The attraction to Platypus Pub is the beer, of course. Does anywhere else in town serve Russian River's Pliny the Elder on tap? (Unfamiliar? It's an imperial IPA that's widely considered to be one of the best beers in the country and is one of the few to earn a perfect 100 score from beeradvocate.com.)
But beer—no matter how expansive or clever the offerings at a single venue—is no longer enough in Bend. With refined palates for beer, logically it follows that patrons' taste for food also have been maturing—and, over the past couple years, such logic has played out at breweries and taverns around town, from the sharp tooth desserts at 10 Barrel, to clever wood-fired pizzas at Worthy and the much-better-than-average sandwiches at Crux.
Over the past month, the Platypus Pub has been closed for renovations—and, last week, the editorial staff headed over to check out the newly painted space and the promise of an updated menu.
The Platypus Pub is located in a large, open basement space under The Brew Shop. With a single flight descending from the Third Avenue parking lot, it is an interesting, subterranean space that offers opportunities as a speakeasy or '70s-styled rec room. Instead, the basement lair is clean and as culturally sterile as a hospital cafeteria. Unfortunately, there is nothing to indicate that the interior decorator has any of the imagination or refinement tuned to the beer selection.
Again, yes, we understand, the attraction at Platypus Pub is the beer, but that doesn't mean that the venue and its food cannot match the well-curated tap list.
Certainly we shouldn't fault Platypus Pub for the difference between our expectations and the offerings, but all four of us were clearly disappointed by our meals.
"It wasn't bad," summarized one, "but it wasn't good either."
Expecting anything better than standard pub food offerings at Platypus Pub seems to be a wrong approach—both in terms of the bulk of the menu's offerings, and the food's bland taste. The new menu does boast, in olde English font, several higher-end entrees, like a Prime Rib Special, which included baked potato or mac and cheese, and seasonal veggies, like green beans. This classic, but uninspired, plate was offered at $24. In this higher end section, there also are offerings like cherry smoked pork ribs and honey glazed smoked chicken. We erred towards the more standard burgers and sandwiches.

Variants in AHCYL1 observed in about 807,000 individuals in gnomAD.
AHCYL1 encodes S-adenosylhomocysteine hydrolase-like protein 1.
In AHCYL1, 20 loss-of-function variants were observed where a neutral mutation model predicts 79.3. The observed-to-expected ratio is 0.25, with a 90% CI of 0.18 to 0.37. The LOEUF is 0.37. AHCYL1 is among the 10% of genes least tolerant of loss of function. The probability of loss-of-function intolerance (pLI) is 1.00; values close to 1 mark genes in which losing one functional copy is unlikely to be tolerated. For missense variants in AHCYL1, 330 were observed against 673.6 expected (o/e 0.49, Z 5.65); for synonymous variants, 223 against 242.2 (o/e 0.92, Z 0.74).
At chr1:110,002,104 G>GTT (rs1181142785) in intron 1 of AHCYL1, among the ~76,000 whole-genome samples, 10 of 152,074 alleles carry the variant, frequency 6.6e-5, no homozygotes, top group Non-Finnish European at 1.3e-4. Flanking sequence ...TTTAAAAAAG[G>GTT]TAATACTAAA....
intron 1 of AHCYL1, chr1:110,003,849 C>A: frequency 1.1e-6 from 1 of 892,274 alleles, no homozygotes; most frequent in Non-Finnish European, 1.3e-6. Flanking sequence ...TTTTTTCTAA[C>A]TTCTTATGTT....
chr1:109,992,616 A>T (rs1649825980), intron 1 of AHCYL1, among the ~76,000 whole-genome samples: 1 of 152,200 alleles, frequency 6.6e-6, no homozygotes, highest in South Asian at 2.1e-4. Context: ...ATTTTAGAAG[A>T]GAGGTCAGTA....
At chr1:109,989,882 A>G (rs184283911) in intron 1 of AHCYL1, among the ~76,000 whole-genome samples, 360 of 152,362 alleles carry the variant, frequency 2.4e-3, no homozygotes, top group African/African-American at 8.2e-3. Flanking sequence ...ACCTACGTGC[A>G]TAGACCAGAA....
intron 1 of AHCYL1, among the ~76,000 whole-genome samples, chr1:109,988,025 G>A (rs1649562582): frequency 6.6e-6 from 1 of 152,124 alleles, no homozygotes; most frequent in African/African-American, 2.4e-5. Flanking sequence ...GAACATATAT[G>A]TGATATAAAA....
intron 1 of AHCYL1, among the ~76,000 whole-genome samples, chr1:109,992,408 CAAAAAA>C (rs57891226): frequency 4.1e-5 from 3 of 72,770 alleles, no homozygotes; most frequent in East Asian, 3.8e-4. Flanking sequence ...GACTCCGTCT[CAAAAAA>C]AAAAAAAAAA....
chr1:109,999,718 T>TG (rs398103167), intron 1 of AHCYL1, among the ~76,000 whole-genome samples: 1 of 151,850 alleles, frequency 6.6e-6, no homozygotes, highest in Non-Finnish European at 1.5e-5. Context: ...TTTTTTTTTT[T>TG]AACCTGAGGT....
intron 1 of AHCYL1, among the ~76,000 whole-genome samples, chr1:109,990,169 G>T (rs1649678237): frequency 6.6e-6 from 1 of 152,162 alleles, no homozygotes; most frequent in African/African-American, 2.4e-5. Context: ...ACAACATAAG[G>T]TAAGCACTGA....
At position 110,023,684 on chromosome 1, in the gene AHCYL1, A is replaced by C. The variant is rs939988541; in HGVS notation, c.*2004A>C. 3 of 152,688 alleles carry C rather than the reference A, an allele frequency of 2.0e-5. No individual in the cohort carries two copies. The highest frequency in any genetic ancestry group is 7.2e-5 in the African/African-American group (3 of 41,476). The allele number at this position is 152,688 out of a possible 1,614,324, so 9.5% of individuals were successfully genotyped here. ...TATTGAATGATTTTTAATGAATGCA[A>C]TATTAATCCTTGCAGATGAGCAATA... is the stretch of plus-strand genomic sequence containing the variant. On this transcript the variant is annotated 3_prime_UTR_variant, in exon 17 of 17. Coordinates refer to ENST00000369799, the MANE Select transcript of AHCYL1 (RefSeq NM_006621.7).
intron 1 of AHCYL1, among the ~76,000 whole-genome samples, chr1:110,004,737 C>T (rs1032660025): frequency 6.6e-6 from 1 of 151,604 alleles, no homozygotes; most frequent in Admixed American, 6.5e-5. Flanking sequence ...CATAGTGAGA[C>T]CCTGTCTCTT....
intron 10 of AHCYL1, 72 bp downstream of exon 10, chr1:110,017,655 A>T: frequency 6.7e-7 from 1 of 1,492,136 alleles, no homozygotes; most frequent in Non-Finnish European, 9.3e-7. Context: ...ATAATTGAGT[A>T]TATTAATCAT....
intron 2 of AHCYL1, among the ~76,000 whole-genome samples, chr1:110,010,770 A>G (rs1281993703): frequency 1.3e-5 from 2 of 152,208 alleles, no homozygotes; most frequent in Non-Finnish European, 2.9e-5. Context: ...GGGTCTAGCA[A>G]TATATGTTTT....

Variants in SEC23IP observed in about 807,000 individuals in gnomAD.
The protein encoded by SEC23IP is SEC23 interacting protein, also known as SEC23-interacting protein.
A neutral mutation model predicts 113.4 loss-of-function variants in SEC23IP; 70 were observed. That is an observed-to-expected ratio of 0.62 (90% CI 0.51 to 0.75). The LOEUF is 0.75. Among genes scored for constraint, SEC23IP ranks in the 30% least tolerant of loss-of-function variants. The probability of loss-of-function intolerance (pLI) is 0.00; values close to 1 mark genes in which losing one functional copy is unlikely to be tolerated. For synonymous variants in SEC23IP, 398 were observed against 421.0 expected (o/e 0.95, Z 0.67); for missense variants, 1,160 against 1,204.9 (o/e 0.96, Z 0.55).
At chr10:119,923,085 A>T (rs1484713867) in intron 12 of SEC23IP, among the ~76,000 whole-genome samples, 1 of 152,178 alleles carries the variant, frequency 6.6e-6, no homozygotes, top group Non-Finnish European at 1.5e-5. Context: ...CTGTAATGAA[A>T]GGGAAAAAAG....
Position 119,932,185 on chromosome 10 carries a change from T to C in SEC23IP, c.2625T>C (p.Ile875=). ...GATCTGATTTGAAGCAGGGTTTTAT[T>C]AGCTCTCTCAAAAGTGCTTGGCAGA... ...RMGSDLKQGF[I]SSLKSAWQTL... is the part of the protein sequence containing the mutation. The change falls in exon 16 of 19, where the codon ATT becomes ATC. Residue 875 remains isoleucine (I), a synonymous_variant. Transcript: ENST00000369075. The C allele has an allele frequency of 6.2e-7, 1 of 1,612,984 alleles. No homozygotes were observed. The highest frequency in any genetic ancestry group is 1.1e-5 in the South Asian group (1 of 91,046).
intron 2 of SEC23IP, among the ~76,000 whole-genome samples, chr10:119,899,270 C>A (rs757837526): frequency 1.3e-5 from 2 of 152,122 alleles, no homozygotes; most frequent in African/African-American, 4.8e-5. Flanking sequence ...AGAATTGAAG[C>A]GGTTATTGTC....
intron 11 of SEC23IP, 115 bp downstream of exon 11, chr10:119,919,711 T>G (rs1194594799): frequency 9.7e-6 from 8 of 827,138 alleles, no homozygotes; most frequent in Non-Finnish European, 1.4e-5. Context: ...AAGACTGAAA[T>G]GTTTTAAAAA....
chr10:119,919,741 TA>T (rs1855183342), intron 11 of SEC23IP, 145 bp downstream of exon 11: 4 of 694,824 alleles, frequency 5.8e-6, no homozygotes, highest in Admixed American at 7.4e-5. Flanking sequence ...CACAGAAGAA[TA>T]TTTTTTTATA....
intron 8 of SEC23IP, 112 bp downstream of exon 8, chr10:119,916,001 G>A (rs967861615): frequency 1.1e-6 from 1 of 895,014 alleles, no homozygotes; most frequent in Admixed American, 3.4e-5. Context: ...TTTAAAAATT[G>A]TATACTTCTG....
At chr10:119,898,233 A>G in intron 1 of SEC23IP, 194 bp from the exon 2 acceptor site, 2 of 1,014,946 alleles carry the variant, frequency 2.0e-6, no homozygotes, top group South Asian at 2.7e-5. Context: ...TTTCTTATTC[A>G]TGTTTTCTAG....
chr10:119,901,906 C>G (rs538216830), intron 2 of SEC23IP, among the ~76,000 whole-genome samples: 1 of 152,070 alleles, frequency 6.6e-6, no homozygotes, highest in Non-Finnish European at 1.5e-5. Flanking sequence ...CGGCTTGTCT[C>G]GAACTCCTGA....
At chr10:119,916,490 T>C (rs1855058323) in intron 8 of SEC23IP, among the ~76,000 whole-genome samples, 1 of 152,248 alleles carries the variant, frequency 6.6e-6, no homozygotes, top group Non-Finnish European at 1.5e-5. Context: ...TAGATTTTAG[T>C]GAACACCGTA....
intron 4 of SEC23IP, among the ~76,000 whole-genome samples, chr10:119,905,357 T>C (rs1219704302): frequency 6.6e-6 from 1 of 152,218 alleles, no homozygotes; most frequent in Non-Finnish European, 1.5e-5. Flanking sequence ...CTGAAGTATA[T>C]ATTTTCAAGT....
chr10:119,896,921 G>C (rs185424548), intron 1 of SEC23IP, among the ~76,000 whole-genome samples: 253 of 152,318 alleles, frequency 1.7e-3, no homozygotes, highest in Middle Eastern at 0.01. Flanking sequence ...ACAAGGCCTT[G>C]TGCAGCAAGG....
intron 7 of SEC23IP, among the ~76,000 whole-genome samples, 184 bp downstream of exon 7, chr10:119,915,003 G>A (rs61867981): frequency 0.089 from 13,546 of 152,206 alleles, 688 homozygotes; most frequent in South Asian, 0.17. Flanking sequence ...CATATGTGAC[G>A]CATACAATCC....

The Reuben promised a half-pound of corned beef—an offering which perhaps assumes its audience is more interested in quantity than quality. The sandwich came stacked upside down, so that the sauerkraut was already soaking through the bread—a rye that didn't even have the slightest snap in flavor.
Fish and chips is a tricky dish to do spectacularly, and there wasn't much exciting here: the fish was light, the breading was a bit undersalted; but the fries—plump, with crisped skins—were remarkable, and we devoured every last one.
The Platypus burger, said one of our staffers, was "tasty enough, but the white bread bun was nothing to write home about."
As for other the menu upgrades, the Platypus Pub cook is now smoking more meats in-house and creating his own versions of traditional meat-and-potato type American dishes.
Also new is the Platypus beer, made in-house, that's on tap alongside the pub's other meticulously curated brews.
Unfortunately, the pub was freshly out of its latest beer, Arch Rival IPA, when we stopped in. Platypus co-owner Jeff Hawes expects to have a Scotch ale on tap within a few weeks. Still, there were plenty of enticing brews on the tap list (and, as always, patrons can walk upstairs to The Brew shop and choose from among the hundreds of available beers). Aside from the glorious 8% Pliny the Elder, staff favorites included Ninkasi's Total Crsytalation Fresh Hop (6.7%), Double Mountain's Killer Red (6.5%) and Boneyard's Notorious Triple IPA (12%).
Also, the pub should have its liquor license within two weeks time and will use the same discerning tastes when selecting booze.